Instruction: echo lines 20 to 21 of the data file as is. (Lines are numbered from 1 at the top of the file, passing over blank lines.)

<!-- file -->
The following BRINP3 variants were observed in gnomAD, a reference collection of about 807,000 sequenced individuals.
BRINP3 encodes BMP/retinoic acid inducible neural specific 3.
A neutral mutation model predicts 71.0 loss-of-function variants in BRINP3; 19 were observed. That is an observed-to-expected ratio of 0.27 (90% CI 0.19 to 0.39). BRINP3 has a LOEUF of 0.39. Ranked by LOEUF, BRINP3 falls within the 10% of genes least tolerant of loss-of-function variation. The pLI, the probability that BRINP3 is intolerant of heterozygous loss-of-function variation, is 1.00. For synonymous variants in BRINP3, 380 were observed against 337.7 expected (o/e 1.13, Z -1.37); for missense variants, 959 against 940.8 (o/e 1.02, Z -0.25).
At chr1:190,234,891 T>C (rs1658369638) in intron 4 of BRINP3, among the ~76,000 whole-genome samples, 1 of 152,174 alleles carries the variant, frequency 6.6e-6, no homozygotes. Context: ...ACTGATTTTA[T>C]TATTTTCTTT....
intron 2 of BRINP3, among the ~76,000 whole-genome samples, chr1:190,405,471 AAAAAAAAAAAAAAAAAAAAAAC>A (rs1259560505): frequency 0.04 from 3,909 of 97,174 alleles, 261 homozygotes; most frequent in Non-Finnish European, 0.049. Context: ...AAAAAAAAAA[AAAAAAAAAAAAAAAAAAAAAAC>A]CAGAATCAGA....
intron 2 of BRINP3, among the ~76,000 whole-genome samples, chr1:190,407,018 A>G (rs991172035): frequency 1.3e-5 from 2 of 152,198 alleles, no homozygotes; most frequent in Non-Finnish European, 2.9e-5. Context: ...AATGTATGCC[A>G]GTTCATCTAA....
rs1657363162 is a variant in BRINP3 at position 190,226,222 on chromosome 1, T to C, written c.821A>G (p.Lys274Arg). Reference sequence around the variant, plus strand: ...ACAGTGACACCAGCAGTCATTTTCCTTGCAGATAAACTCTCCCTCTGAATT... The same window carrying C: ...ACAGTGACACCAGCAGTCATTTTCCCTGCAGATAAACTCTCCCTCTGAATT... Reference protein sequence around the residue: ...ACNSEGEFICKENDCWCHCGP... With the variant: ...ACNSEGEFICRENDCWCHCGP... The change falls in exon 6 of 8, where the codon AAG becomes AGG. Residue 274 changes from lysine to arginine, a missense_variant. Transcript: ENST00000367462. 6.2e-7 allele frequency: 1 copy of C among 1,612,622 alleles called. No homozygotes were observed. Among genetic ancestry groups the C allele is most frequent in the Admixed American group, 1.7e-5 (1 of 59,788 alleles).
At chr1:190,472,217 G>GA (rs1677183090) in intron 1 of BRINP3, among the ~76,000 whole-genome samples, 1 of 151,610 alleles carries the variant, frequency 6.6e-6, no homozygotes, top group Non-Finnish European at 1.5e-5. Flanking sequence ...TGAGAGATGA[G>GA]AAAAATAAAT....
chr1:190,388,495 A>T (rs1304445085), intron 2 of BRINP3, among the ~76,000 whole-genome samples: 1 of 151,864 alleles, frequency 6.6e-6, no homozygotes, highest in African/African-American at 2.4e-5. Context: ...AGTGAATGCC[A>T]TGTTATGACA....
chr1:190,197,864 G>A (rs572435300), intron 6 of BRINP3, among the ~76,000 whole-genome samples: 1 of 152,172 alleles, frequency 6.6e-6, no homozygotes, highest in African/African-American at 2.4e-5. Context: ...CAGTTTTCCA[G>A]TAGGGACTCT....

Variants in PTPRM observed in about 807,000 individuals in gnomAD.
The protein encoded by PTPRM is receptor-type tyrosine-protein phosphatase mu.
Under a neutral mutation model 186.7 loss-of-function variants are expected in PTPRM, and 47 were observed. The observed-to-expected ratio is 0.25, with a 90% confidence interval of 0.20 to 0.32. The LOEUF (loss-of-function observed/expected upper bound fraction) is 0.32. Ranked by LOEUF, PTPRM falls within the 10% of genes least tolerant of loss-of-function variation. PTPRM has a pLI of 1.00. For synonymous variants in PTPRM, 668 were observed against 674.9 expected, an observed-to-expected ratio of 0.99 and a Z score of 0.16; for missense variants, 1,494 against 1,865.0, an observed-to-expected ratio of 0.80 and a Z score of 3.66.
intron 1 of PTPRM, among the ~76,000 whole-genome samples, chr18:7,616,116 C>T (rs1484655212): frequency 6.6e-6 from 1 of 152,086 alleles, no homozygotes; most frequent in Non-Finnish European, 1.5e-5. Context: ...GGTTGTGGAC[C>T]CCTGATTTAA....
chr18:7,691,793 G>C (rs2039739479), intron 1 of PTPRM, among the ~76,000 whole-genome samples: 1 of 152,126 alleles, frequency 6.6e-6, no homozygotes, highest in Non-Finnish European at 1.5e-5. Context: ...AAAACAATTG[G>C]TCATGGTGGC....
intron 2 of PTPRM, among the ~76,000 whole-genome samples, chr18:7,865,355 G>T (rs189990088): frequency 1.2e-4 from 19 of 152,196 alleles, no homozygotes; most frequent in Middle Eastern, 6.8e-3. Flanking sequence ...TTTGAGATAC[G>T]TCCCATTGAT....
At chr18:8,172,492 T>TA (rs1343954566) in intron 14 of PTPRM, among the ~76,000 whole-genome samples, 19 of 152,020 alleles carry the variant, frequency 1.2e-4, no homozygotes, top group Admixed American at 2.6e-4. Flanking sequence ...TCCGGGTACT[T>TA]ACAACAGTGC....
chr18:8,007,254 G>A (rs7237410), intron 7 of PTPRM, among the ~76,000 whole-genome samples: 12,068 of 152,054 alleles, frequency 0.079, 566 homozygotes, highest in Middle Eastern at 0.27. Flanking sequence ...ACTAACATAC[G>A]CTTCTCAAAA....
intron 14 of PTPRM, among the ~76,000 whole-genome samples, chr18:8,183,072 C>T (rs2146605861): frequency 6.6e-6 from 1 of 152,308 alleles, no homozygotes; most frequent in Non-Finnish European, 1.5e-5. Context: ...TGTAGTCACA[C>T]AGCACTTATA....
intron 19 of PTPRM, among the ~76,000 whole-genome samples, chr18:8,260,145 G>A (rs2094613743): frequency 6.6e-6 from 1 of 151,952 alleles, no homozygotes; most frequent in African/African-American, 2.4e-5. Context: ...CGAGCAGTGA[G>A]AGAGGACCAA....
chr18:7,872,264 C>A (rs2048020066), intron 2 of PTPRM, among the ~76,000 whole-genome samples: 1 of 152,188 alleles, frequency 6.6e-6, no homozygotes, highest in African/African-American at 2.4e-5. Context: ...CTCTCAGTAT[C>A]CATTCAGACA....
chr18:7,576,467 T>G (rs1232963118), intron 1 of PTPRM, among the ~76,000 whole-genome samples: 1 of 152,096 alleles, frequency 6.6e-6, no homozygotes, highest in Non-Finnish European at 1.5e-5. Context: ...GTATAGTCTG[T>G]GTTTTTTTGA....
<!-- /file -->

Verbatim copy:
intron 19 of PTPRM, among the ~76,000 whole-genome samples, chr18:8,260,145 G>A (rs2094613743): frequency 6.6e-6 from 1 of 151,952 alleles, no homozygotes; most frequent in African/African-American, 2.4e-5. Context: ...CGAGCAGTGA[G>A]AGAGGACCAA....
chr18:7,872,264 C>A (rs2048020066), intron 2 of PTPRM, among the ~76,000 whole-genome samples: 1 of 152,188 alleles, frequency 6.6e-6, no homozygotes, highest in African/African-American at 2.4e-5. Context: ...CTCTCAGTAT[C>A]CATTCAGACA....